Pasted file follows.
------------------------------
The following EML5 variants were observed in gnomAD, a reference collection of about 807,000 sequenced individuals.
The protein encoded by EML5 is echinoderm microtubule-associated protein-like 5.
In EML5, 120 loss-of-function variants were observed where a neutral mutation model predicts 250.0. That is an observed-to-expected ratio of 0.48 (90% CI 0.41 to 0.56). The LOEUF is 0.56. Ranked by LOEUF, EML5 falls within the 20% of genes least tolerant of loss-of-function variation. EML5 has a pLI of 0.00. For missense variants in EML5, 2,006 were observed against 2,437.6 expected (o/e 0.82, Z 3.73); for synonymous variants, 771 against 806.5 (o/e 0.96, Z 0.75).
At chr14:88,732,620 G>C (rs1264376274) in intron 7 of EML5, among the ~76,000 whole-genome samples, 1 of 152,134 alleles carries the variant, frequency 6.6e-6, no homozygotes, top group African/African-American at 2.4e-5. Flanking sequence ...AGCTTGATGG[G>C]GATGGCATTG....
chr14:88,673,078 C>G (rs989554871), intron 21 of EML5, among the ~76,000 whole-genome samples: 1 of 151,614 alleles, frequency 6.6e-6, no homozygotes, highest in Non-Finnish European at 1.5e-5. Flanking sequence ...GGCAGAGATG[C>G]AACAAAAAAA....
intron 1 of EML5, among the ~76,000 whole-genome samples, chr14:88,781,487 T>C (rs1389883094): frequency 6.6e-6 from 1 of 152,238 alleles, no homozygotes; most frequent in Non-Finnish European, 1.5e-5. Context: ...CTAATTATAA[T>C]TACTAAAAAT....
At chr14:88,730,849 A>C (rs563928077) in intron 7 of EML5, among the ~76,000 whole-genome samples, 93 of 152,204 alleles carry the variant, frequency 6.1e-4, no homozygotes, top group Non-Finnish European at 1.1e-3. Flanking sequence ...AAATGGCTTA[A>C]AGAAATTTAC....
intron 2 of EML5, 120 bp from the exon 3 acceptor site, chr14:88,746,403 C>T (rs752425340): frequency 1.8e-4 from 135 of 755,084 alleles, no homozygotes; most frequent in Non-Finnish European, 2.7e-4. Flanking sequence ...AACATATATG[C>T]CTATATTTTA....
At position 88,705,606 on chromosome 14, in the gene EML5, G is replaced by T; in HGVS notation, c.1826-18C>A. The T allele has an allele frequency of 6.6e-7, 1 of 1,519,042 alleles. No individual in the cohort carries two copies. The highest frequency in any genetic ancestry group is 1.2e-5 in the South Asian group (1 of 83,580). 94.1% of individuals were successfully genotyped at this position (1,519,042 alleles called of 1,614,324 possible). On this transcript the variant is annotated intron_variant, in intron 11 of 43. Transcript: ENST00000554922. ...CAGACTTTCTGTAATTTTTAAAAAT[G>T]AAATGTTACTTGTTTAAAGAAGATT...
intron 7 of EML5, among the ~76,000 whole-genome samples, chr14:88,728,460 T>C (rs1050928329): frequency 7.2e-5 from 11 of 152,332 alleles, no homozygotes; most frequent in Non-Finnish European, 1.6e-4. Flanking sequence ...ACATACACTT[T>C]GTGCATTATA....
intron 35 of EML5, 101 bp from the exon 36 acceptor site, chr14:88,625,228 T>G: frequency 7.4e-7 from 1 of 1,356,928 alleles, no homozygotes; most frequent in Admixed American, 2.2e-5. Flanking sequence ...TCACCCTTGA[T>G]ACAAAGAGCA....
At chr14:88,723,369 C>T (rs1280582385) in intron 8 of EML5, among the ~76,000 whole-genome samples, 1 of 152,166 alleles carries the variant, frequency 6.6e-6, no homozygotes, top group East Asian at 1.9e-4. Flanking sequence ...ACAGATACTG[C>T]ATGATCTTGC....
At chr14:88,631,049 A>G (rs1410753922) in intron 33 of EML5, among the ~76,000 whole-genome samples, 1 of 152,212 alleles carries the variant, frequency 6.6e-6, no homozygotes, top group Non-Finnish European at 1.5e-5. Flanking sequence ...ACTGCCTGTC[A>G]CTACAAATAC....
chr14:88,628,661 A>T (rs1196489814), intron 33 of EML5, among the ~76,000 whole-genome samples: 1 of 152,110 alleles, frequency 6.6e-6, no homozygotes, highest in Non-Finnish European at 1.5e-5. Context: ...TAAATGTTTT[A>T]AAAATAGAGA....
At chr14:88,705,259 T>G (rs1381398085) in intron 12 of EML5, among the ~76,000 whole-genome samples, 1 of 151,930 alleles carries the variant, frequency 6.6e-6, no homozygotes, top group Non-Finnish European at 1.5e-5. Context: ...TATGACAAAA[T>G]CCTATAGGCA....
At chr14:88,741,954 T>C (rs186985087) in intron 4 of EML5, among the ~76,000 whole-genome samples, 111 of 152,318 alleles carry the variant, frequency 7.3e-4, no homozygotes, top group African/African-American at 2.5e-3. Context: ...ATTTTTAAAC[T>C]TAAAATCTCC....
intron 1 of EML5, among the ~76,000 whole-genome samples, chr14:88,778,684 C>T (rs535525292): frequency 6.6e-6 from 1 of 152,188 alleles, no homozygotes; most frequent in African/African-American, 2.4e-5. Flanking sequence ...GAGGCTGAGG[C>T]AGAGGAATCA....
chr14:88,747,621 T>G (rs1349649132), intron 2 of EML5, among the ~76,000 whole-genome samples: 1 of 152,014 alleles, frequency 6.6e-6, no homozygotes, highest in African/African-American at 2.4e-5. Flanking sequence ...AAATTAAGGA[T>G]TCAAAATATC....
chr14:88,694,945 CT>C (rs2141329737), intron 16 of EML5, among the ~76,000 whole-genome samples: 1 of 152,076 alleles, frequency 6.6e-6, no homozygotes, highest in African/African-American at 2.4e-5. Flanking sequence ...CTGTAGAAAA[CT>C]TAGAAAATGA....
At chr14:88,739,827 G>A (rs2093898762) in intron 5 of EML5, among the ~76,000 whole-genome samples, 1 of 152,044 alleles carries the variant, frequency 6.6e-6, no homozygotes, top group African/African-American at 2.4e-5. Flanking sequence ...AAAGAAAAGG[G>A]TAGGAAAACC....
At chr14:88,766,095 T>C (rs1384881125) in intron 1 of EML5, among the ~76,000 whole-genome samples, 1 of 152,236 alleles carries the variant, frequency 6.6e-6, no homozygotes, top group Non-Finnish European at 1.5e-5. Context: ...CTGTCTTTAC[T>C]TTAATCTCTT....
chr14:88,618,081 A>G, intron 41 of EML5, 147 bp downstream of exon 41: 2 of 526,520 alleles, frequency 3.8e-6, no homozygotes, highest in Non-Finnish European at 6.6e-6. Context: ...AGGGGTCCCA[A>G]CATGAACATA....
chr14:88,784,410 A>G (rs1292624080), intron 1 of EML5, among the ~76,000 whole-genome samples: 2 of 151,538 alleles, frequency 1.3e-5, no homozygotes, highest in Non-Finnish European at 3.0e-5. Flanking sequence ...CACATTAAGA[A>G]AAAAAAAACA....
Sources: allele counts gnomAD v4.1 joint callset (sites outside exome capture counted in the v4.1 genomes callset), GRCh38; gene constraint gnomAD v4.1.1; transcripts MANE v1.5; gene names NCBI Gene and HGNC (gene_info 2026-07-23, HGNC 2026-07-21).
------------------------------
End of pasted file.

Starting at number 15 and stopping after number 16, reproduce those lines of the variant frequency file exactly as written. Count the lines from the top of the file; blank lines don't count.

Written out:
At chr14:88,705,259 T>G (rs1381398085) in intron 12 of EML5, among the ~76,000 whole-genome samples, 1 of 151,930 alleles carries the variant, frequency 6.6e-6, no homozygotes, top group Non-Finnish European at 1.5e-5. Context: ...TATGACAAAA[T>G]CCTATAGGCA....
At chr14:88,741,954 T>C (rs186985087) in intron 4 of EML5, among the ~76,000 whole-genome samples, 111 of 152,318 alleles carry the variant, frequency 7.3e-4, no homozygotes, top group African/African-American at 2.5e-3. Context: ...ATTTTTAAAC[T>C]TAAAATCTCC....